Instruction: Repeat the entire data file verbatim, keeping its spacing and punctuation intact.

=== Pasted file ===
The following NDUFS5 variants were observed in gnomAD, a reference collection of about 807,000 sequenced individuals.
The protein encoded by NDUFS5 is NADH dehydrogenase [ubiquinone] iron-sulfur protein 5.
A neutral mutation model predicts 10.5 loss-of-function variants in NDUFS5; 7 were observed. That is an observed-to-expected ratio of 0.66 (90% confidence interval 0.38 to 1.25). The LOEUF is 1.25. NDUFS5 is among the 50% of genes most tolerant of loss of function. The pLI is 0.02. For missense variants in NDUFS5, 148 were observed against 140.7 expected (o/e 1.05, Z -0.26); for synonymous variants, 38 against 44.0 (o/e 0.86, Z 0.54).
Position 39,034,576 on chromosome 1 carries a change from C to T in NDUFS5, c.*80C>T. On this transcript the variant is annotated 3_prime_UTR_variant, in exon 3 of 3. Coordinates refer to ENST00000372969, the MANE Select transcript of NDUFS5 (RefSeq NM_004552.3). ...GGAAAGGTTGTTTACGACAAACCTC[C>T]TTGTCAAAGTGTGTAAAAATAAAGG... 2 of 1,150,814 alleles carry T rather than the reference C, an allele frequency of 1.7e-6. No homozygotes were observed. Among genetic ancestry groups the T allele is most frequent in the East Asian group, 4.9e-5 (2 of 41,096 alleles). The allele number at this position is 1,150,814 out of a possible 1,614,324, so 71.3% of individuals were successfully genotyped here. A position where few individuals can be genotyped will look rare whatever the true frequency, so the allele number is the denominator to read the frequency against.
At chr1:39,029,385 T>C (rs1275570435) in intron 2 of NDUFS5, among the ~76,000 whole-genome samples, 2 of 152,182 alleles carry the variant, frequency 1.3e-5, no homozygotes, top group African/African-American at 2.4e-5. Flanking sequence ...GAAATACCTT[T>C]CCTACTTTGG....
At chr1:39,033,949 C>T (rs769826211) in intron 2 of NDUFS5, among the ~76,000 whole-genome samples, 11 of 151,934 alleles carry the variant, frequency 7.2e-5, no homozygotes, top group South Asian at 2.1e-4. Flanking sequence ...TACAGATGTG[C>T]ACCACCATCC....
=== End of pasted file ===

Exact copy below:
The following NDUFS5 variants were observed in gnomAD, a reference collection of about 807,000 sequenced individuals.
The protein encoded by NDUFS5 is NADH dehydrogenase [ubiquinone] iron-sulfur protein 5.
A neutral mutation model predicts 10.5 loss-of-function variants in NDUFS5; 7 were observed. That is an observed-to-expected ratio of 0.66 (90% confidence interval 0.38 to 1.25). The LOEUF is 1.25. NDUFS5 is among the 50% of genes most tolerant of loss of function. The pLI is 0.02. For missense variants in NDUFS5, 148 were observed against 140.7 expected (o/e 1.05, Z -0.26); for synonymous variants, 38 against 44.0 (o/e 0.86, Z 0.54).
Position 39,034,576 on chromosome 1 carries a change from C to T in NDUFS5, c.*80C>T. On this transcript the variant is annotated 3_prime_UTR_variant, in exon 3 of 3. Coordinates refer to ENST00000372969, the MANE Select transcript of NDUFS5 (RefSeq NM_004552.3). ...GGAAAGGTTGTTTACGACAAACCTC[C>T]TTGTCAAAGTGTGTAAAAATAAAGG... 2 of 1,150,814 alleles carry T rather than the reference C, an allele frequency of 1.7e-6. No homozygotes were observed. Among genetic ancestry groups the T allele is most frequent in the East Asian group, 4.9e-5 (2 of 41,096 alleles). The allele number at this position is 1,150,814 out of a possible 1,614,324, so 71.3% of individuals were successfully genotyped here. A position where few individuals can be genotyped will look rare whatever the true frequency, so the allele number is the denominator to read the frequency against.
At chr1:39,029,385 T>C (rs1275570435) in intron 2 of NDUFS5, among the ~76,000 whole-genome samples, 2 of 152,182 alleles carry the variant, frequency 1.3e-5, no homozygotes, top group African/African-American at 2.4e-5. Flanking sequence ...GAAATACCTT[T>C]CCTACTTTGG....
At chr1:39,033,949 C>T (rs769826211) in intron 2 of NDUFS5, among the ~76,000 whole-genome samples, 11 of 151,934 alleles carry the variant, frequency 7.2e-5, no homozygotes, top group South Asian at 2.1e-4. Flanking sequence ...TACAGATGTG[C>T]ACCACCATCC....